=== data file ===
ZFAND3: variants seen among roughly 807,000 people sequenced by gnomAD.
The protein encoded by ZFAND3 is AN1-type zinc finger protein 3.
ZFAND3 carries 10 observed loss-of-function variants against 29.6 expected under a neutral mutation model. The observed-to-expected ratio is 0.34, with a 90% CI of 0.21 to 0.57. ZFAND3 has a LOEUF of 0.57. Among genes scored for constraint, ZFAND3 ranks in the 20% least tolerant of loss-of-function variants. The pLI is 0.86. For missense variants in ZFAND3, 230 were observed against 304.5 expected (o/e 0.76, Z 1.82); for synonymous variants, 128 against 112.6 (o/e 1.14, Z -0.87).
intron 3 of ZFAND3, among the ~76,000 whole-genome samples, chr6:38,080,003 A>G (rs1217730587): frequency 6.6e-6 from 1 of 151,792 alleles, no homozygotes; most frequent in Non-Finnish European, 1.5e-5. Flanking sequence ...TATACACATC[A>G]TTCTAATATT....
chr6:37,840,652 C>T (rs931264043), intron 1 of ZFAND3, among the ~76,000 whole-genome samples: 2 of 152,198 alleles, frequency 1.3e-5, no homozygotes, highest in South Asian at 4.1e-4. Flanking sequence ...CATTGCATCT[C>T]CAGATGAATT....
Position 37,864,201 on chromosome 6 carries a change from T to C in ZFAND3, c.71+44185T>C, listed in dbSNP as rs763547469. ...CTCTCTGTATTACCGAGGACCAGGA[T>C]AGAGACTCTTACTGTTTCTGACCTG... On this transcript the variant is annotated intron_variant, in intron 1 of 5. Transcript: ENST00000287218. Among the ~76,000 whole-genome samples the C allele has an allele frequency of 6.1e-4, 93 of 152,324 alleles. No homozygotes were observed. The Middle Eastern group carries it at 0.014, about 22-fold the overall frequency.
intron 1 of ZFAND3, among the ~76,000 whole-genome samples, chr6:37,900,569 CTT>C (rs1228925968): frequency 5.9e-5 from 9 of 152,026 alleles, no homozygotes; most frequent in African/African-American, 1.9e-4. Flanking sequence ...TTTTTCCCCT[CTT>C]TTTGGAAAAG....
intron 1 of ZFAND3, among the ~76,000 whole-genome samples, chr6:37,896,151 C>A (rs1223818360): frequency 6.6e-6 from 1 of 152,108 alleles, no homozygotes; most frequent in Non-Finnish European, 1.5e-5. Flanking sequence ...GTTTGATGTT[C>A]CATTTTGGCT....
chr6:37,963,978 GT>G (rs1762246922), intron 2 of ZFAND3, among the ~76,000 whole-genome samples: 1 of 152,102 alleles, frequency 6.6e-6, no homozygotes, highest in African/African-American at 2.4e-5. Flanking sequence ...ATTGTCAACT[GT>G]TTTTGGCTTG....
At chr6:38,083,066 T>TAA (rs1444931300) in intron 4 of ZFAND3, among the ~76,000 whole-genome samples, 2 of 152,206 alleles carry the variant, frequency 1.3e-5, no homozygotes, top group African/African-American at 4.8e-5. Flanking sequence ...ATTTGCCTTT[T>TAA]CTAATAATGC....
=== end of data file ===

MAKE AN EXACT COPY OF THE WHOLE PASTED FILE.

ZFAND3: variants seen among roughly 807,000 people sequenced by gnomAD.
The protein encoded by ZFAND3 is AN1-type zinc finger protein 3.
ZFAND3 carries 10 observed loss-of-function variants against 29.6 expected under a neutral mutation model. The observed-to-expected ratio is 0.34, with a 90% CI of 0.21 to 0.57. ZFAND3 has a LOEUF of 0.57. Among genes scored for constraint, ZFAND3 ranks in the 20% least tolerant of loss-of-function variants. The pLI is 0.86. For missense variants in ZFAND3, 230 were observed against 304.5 expected (o/e 0.76, Z 1.82); for synonymous variants, 128 against 112.6 (o/e 1.14, Z -0.87).
intron 3 of ZFAND3, among the ~76,000 whole-genome samples, chr6:38,080,003 A>G (rs1217730587): frequency 6.6e-6 from 1 of 151,792 alleles, no homozygotes; most frequent in Non-Finnish European, 1.5e-5. Flanking sequence ...TATACACATC[A>G]TTCTAATATT....
chr6:37,840,652 C>T (rs931264043), intron 1 of ZFAND3, among the ~76,000 whole-genome samples: 2 of 152,198 alleles, frequency 1.3e-5, no homozygotes, highest in South Asian at 4.1e-4. Flanking sequence ...CATTGCATCT[C>T]CAGATGAATT....
Position 37,864,201 on chromosome 6 carries a change from T to C in ZFAND3, c.71+44185T>C, listed in dbSNP as rs763547469. ...CTCTCTGTATTACCGAGGACCAGGA[T>C]AGAGACTCTTACTGTTTCTGACCTG... On this transcript the variant is annotated intron_variant, in intron 1 of 5. Transcript: ENST00000287218. Among the ~76,000 whole-genome samples the C allele has an allele frequency of 6.1e-4, 93 of 152,324 alleles. No homozygotes were observed. The Middle Eastern group carries it at 0.014, about 22-fold the overall frequency.
intron 1 of ZFAND3, among the ~76,000 whole-genome samples, chr6:37,900,569 CTT>C (rs1228925968): frequency 5.9e-5 from 9 of 152,026 alleles, no homozygotes; most frequent in African/African-American, 1.9e-4. Flanking sequence ...TTTTTCCCCT[CTT>C]TTTGGAAAAG....
intron 1 of ZFAND3, among the ~76,000 whole-genome samples, chr6:37,896,151 C>A (rs1223818360): frequency 6.6e-6 from 1 of 152,108 alleles, no homozygotes; most frequent in Non-Finnish European, 1.5e-5. Flanking sequence ...GTTTGATGTT[C>A]CATTTTGGCT....
chr6:37,963,978 GT>G (rs1762246922), intron 2 of ZFAND3, among the ~76,000 whole-genome samples: 1 of 152,102 alleles, frequency 6.6e-6, no homozygotes, highest in African/African-American at 2.4e-5. Flanking sequence ...ATTGTCAACT[GT>G]TTTTGGCTTG....
At chr6:38,083,066 T>TAA (rs1444931300) in intron 4 of ZFAND3, among the ~76,000 whole-genome samples, 2 of 152,206 alleles carry the variant, frequency 1.3e-5, no homozygotes, top group African/African-American at 4.8e-5. Flanking sequence ...ATTTGCCTTT[T>TAA]CTAATAATGC....